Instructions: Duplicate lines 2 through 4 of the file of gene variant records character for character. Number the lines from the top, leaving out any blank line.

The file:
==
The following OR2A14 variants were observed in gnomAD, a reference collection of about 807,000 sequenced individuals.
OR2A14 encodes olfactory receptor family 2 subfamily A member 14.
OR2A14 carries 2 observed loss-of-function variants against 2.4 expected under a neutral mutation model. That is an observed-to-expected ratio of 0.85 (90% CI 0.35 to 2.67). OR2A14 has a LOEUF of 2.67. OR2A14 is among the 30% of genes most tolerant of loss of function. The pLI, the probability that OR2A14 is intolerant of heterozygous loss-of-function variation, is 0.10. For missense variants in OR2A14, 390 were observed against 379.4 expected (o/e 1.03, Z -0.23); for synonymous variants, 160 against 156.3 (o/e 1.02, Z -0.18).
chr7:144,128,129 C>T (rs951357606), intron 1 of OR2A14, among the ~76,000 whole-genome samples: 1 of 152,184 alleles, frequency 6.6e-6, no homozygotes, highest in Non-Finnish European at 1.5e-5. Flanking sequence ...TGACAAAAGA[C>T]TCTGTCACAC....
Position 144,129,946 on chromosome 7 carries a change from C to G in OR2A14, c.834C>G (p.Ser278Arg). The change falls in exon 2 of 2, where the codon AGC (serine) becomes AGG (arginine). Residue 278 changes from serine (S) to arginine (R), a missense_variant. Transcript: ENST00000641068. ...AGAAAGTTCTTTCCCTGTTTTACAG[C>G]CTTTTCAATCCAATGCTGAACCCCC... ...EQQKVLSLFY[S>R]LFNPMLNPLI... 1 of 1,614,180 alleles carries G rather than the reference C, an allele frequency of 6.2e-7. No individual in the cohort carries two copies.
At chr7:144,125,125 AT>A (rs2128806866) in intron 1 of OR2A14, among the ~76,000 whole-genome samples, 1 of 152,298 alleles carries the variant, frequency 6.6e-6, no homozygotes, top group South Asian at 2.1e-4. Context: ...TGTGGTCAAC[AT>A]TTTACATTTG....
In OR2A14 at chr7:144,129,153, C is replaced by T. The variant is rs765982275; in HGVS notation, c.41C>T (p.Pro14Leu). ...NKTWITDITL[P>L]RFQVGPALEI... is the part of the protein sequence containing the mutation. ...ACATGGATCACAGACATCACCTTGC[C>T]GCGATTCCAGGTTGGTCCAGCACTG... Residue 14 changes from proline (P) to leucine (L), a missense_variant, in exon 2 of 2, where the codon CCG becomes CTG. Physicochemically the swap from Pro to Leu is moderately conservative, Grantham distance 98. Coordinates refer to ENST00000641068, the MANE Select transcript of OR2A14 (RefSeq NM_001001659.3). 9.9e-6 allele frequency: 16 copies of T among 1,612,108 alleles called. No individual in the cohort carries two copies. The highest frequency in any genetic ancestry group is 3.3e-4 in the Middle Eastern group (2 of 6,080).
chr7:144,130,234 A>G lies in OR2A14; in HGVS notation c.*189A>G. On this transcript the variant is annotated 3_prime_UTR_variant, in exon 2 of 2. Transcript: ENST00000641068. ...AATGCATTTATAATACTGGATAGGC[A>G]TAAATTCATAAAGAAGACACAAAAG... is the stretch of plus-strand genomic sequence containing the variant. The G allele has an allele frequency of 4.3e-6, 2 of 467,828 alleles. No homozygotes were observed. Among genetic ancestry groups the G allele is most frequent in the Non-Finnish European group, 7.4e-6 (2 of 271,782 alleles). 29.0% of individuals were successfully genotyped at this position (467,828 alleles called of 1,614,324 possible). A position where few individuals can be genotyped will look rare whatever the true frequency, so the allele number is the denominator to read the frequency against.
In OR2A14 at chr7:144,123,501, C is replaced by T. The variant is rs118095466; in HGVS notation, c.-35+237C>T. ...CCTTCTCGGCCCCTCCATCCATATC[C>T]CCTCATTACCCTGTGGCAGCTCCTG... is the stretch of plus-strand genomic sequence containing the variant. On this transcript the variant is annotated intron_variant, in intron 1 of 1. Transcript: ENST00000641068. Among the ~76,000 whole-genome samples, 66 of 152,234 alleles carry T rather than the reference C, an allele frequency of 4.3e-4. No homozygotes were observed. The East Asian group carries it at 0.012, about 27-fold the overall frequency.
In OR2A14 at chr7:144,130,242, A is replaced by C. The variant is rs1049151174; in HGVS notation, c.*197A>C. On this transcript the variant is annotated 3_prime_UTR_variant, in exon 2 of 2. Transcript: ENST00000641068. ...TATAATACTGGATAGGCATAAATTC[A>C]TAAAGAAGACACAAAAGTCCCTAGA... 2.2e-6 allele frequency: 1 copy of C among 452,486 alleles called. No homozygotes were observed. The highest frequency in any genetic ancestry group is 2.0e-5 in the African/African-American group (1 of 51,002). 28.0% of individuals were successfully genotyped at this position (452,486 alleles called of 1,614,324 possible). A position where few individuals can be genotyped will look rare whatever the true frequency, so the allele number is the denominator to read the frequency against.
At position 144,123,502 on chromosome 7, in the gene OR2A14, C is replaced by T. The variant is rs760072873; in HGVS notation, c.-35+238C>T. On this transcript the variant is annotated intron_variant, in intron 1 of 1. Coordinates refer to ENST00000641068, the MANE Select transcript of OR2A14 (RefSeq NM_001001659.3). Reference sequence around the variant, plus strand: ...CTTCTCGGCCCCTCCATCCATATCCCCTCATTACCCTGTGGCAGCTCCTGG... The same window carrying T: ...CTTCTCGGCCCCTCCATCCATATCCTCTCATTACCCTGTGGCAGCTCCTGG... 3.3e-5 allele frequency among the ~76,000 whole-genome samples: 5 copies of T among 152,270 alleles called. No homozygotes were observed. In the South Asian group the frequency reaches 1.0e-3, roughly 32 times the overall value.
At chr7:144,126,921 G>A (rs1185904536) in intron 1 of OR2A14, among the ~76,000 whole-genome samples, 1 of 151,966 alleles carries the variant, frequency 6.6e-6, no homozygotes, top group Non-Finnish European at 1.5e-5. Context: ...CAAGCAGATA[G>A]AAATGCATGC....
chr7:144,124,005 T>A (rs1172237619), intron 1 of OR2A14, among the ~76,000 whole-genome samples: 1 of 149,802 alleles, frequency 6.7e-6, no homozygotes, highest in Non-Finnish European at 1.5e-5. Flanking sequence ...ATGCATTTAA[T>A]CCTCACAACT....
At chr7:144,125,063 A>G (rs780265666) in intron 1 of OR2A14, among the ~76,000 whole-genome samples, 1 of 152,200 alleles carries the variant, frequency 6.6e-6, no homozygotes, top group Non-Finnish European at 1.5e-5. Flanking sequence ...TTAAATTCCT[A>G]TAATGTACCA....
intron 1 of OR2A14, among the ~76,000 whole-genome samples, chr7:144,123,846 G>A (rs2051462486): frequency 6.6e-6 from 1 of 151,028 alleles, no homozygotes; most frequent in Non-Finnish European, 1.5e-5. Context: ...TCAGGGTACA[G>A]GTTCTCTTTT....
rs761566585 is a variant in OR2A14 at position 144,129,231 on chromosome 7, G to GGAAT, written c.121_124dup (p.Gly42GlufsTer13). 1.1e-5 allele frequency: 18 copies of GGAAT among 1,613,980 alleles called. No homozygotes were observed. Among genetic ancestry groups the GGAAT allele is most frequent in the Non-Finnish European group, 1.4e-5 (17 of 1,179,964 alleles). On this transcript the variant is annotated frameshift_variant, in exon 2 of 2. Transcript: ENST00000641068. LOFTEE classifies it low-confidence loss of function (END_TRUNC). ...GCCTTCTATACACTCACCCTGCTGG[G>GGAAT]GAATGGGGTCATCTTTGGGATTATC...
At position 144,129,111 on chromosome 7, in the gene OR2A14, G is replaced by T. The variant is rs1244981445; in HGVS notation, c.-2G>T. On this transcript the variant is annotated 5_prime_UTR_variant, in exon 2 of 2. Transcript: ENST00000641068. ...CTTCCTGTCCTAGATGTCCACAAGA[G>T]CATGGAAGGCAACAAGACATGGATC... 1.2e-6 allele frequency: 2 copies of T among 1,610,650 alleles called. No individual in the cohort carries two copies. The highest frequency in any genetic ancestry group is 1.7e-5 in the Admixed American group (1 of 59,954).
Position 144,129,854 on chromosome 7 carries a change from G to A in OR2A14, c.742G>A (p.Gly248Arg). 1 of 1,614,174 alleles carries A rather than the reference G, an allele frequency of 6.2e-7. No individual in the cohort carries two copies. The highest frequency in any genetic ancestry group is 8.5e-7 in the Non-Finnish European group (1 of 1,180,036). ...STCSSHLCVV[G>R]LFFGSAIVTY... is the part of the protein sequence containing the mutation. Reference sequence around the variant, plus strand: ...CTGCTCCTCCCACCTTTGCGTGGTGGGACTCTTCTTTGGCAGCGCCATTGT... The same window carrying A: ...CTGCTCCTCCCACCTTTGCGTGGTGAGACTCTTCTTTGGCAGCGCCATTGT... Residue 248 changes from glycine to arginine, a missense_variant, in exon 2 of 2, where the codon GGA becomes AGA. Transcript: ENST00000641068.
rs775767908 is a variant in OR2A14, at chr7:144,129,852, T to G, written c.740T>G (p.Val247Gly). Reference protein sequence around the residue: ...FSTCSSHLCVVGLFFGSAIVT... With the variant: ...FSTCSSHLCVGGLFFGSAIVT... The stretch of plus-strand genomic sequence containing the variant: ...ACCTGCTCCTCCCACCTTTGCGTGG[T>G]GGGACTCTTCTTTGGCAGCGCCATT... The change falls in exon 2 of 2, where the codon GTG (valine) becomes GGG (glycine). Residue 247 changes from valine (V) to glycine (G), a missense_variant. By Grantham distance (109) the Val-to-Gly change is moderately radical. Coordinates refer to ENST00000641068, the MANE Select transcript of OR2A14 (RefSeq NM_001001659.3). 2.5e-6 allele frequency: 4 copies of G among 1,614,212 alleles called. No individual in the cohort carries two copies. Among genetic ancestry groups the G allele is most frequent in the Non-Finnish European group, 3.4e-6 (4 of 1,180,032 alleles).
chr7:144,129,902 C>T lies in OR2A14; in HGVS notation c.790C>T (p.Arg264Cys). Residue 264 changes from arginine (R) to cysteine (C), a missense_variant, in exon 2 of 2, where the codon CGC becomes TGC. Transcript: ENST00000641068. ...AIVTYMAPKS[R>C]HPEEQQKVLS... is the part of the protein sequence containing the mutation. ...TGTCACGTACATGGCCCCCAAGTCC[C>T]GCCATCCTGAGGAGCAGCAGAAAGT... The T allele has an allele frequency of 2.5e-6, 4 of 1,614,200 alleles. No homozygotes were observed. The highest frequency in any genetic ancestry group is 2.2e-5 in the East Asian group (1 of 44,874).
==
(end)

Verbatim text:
OR2A14 encodes olfactory receptor family 2 subfamily A member 14.
OR2A14 carries 2 observed loss-of-function variants against 2.4 expected under a neutral mutation model. That is an observed-to-expected ratio of 0.85 (90% CI 0.35 to 2.67). OR2A14 has a LOEUF of 2.67. OR2A14 is among the 30% of genes most tolerant of loss of function. The pLI, the probability that OR2A14 is intolerant of heterozygous loss-of-function variation, is 0.10. For missense variants in OR2A14, 390 were observed against 379.4 expected (o/e 1.03, Z -0.23); for synonymous variants, 160 against 156.3 (o/e 1.02, Z -0.18).
chr7:144,128,129 C>T (rs951357606), intron 1 of OR2A14, among the ~76,000 whole-genome samples: 1 of 152,184 alleles, frequency 6.6e-6, no homozygotes, highest in Non-Finnish European at 1.5e-5. Flanking sequence ...TGACAAAAGA[C>T]TCTGTCACAC....